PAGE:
Nokia Oyj reinforced its commitment to its legacy Symbian smartphone platform on Wednesday, sending its shares higher.
Nokia said in February it would replace its Symbian platform with Microsoft's Windows Phone over the coming two years, creating uncertainty among investors over the future of its Symbian workhorse.
We will of course utilize the long-tail of Symbian as long as it gives us profitable margin, Nokia's Chief Financial Officer Timo Ihamuotila told a UBS Technology Conference.
So the transition period 2011-2012 relates to product creation transition, not sales transition as such, he said.
Ihamuotila said sales of products have often lasted longer than expected in the mobile industry.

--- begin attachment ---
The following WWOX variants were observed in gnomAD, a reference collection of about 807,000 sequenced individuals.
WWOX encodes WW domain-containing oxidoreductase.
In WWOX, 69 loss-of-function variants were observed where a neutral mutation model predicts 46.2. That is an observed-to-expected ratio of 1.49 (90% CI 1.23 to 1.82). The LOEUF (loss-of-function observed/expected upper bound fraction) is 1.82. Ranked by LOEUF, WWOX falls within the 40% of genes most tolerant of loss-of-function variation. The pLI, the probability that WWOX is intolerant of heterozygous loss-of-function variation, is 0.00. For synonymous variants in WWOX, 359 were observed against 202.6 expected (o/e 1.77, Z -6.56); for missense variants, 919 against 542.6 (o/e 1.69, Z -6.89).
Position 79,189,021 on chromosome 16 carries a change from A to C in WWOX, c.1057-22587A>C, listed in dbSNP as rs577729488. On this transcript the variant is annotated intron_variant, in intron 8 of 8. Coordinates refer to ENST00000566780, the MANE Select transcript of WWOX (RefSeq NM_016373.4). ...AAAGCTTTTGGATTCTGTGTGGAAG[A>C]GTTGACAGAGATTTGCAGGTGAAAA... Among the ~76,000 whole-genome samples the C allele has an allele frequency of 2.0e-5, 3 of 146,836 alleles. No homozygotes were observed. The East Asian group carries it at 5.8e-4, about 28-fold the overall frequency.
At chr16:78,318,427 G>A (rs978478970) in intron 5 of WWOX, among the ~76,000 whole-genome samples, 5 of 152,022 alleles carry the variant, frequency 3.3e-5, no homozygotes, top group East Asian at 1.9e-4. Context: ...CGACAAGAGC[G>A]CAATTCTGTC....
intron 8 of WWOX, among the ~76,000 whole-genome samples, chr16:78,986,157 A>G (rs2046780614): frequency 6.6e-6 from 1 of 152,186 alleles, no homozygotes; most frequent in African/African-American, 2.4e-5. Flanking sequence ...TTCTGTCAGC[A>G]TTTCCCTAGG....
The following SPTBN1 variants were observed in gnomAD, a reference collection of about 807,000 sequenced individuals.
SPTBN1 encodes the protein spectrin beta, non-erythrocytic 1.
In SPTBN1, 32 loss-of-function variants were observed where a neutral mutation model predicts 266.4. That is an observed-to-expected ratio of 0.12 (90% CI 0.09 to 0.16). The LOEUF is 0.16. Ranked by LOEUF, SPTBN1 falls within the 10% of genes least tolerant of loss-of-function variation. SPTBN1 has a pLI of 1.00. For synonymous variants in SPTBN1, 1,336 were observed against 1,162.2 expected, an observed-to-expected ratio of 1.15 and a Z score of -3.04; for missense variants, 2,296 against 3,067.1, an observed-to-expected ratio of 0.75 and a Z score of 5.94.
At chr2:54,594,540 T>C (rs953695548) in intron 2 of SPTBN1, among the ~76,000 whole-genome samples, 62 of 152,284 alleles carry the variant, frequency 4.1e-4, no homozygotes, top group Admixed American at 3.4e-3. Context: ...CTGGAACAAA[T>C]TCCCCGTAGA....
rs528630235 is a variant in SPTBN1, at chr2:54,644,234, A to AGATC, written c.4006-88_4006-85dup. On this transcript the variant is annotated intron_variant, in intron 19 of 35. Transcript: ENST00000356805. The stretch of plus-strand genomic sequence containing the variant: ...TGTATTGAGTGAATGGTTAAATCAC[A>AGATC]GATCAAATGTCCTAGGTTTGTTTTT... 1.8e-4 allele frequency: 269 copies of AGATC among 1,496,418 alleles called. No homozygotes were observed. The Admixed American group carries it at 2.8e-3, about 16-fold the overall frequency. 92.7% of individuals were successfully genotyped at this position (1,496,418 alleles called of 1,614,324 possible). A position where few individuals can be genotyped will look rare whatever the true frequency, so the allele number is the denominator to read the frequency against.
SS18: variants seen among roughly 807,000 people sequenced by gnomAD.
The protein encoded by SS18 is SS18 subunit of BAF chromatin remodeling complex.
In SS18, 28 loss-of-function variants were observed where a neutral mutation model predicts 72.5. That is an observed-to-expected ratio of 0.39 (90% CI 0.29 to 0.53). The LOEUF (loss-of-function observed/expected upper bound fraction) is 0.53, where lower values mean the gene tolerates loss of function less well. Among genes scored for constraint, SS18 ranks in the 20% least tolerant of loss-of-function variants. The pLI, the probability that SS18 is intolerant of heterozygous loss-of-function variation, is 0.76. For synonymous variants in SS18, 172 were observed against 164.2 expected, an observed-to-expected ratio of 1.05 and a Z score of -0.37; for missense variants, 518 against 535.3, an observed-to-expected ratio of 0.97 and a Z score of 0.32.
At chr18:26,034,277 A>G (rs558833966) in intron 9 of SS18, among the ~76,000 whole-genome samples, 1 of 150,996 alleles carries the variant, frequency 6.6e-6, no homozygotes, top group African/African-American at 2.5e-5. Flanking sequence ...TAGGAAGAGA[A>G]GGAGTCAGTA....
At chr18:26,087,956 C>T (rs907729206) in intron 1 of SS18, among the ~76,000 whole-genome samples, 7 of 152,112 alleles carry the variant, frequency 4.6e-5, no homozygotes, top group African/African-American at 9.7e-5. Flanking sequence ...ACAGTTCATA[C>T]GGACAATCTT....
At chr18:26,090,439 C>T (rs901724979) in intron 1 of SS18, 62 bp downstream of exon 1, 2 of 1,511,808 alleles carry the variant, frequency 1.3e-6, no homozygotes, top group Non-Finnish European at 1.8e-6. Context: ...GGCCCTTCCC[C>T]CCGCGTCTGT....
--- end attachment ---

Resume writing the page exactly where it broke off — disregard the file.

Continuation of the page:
Shares in Nokia rose more than 3 percent on Ihamuotila comments, dragging STOXX 600 European Technology Index 0.1 percent into the black.
Symbian faces similar challenges to Mark Twain whose death was famously announced prematurely, said Ben Wood, head of research at British consultancy CCS Insight.
Nokia must come out with a strong message that its legacy smartphone platform is alive and well as sales of Symbian devices are going to be critical for the next 18 months, Wood said.
Ihamuotila said the final contract with Microsoft was yet to be signed.
(Additional reporting by Jussi Rosendahl; Editing by Hans Peters)